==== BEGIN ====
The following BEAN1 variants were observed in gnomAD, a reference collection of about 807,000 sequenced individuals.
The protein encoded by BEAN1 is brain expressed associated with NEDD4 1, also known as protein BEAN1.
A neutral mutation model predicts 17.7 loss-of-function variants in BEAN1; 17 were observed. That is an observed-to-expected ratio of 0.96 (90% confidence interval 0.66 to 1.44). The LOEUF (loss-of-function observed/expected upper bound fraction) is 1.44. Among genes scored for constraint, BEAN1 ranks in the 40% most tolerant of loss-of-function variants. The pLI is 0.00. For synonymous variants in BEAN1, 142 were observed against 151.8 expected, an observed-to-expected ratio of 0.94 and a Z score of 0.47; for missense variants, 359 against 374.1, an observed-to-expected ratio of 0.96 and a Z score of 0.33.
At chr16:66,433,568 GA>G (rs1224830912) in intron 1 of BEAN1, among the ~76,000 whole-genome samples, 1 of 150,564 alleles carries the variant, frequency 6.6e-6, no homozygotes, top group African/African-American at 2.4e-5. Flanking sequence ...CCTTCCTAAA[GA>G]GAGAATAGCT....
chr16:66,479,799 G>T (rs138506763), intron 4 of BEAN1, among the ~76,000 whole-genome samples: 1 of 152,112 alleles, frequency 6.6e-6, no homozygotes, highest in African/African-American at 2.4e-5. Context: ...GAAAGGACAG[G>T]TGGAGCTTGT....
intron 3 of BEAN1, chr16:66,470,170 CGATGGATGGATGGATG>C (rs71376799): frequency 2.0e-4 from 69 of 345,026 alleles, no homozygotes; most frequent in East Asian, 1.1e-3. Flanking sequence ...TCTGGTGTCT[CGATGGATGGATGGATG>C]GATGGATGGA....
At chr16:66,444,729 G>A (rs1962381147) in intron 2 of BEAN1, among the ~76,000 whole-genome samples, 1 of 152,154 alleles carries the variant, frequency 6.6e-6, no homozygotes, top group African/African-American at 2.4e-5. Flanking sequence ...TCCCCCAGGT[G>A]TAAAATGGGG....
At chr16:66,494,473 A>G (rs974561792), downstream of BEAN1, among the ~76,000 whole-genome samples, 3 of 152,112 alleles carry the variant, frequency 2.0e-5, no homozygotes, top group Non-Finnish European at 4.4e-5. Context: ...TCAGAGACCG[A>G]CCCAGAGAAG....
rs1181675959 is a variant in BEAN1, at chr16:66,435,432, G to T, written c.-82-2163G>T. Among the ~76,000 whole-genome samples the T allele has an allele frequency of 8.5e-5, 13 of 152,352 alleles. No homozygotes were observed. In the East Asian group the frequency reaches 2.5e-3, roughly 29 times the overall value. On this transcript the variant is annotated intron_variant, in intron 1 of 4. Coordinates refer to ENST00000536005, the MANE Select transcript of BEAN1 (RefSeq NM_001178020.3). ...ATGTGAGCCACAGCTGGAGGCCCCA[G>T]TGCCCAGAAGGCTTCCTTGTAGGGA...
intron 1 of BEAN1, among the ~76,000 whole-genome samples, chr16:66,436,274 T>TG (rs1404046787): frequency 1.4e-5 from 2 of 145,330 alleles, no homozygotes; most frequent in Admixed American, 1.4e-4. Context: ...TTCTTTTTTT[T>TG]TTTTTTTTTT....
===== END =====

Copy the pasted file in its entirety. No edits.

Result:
The following BEAN1 variants were observed in gnomAD, a reference collection of about 807,000 sequenced individuals.
The protein encoded by BEAN1 is brain expressed associated with NEDD4 1, also known as protein BEAN1.
A neutral mutation model predicts 17.7 loss-of-function variants in BEAN1; 17 were observed. That is an observed-to-expected ratio of 0.96 (90% confidence interval 0.66 to 1.44). The LOEUF (loss-of-function observed/expected upper bound fraction) is 1.44. Among genes scored for constraint, BEAN1 ranks in the 40% most tolerant of loss-of-function variants. The pLI is 0.00. For synonymous variants in BEAN1, 142 were observed against 151.8 expected, an observed-to-expected ratio of 0.94 and a Z score of 0.47; for missense variants, 359 against 374.1, an observed-to-expected ratio of 0.96 and a Z score of 0.33.
At chr16:66,433,568 GA>G (rs1224830912) in intron 1 of BEAN1, among the ~76,000 whole-genome samples, 1 of 150,564 alleles carries the variant, frequency 6.6e-6, no homozygotes, top group African/African-American at 2.4e-5. Flanking sequence ...CCTTCCTAAA[GA>G]GAGAATAGCT....
chr16:66,479,799 G>T (rs138506763), intron 4 of BEAN1, among the ~76,000 whole-genome samples: 1 of 152,112 alleles, frequency 6.6e-6, no homozygotes, highest in African/African-American at 2.4e-5. Context: ...GAAAGGACAG[G>T]TGGAGCTTGT....
intron 3 of BEAN1, chr16:66,470,170 CGATGGATGGATGGATG>C (rs71376799): frequency 2.0e-4 from 69 of 345,026 alleles, no homozygotes; most frequent in East Asian, 1.1e-3. Flanking sequence ...TCTGGTGTCT[CGATGGATGGATGGATG>C]GATGGATGGA....
At chr16:66,444,729 G>A (rs1962381147) in intron 2 of BEAN1, among the ~76,000 whole-genome samples, 1 of 152,154 alleles carries the variant, frequency 6.6e-6, no homozygotes, top group African/African-American at 2.4e-5. Flanking sequence ...TCCCCCAGGT[G>A]TAAAATGGGG....
At chr16:66,494,473 A>G (rs974561792), downstream of BEAN1, among the ~76,000 whole-genome samples, 3 of 152,112 alleles carry the variant, frequency 2.0e-5, no homozygotes, top group Non-Finnish European at 4.4e-5. Context: ...TCAGAGACCG[A>G]CCCAGAGAAG....
rs1181675959 is a variant in BEAN1, at chr16:66,435,432, G to T, written c.-82-2163G>T. Among the ~76,000 whole-genome samples the T allele has an allele frequency of 8.5e-5, 13 of 152,352 alleles. No homozygotes were observed. In the East Asian group the frequency reaches 2.5e-3, roughly 29 times the overall value. On this transcript the variant is annotated intron_variant, in intron 1 of 4. Coordinates refer to ENST00000536005, the MANE Select transcript of BEAN1 (RefSeq NM_001178020.3). ...ATGTGAGCCACAGCTGGAGGCCCCA[G>T]TGCCCAGAAGGCTTCCTTGTAGGGA...
intron 1 of BEAN1, among the ~76,000 whole-genome samples, chr16:66,436,274 T>TG (rs1404046787): frequency 1.4e-5 from 2 of 145,330 alleles, no homozygotes; most frequent in Admixed American, 1.4e-4. Context: ...TTCTTTTTTT[T>TG]TTTTTTTTTT....